How robots can learn from babies

Are babies smarter than AI programmers?
December 7, 2015

A collaboration between UW developmental psychologists and computer scientists aims to enable robots to learn in the same way that children naturally do. The team used research on how babies follow an adult’s gaze to “teach” a robot to perform the same task. (credit: University of Washington)

Babies learn about the world by exploring how their bodies move in space, grabbing toys, pushing things off tables and by watching and imitating what adults are doing. So instead of laboriously writing code (or moving a robot’s arm or body to show it how to perform an action), why not just let them learn like babies?

That’s exactly what University of Washington (UW) developmental psychologists and computer scientists have now demonstrated in experiments that suggest that robots can “learn” much like kids — by amassing data through exploration, watching a human do something, and determining how to perform that task on its own.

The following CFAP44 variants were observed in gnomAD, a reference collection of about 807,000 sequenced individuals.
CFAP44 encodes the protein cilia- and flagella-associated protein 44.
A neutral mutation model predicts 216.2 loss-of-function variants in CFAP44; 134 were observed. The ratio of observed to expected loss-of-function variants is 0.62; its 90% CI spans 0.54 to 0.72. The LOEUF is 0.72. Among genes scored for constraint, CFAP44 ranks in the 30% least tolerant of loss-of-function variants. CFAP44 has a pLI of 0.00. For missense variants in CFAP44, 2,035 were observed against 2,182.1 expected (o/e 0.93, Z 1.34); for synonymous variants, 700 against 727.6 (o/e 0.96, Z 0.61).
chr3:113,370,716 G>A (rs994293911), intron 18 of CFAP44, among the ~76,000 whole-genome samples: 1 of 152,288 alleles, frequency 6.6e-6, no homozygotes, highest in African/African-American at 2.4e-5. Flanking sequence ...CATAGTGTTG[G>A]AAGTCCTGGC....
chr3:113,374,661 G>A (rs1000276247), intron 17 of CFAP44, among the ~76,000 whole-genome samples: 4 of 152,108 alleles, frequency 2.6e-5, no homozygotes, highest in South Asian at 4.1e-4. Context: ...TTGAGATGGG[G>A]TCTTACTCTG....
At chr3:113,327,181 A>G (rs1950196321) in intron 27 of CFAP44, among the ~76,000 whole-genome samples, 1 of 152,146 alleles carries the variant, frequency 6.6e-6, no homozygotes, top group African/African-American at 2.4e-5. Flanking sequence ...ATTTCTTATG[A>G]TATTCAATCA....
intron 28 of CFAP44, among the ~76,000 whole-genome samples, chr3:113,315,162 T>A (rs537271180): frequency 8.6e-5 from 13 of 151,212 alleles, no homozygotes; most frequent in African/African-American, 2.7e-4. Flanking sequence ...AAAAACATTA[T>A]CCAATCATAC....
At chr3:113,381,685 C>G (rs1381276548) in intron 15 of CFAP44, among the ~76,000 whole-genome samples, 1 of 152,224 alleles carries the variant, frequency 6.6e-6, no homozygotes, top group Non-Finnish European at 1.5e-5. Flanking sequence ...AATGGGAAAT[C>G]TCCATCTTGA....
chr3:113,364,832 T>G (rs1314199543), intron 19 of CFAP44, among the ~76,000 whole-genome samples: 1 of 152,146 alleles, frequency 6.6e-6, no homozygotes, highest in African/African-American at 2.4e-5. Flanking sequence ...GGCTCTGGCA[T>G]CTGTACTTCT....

That new method would allow someone who doesn’t know anything about computer programming to be able to teach a robot by demonstration — showing the robot how to clean your dishes, fold your clothes, or do household chores.

“But to achieve that goal, you need the robot to be able to understand those actions and perform them on their own,” said Rajesh Rao, a UW professor of computer science and engineering and senior author of an open-access paper in the journal PLoS ONE.

In the paper, the UW team developed a new probabilistic model aimed at solving a fundamental challenge in robotics: building robots that can learn new skills by watching people and imitating them. The roboticists collaborated with UW psychology professor and I-LABS co-director Andrew Meltzoff, whose seminal research has shown that children as young as 18 months can infer the goal of an adult’s actions and develop alternate ways of reaching that goal themselves.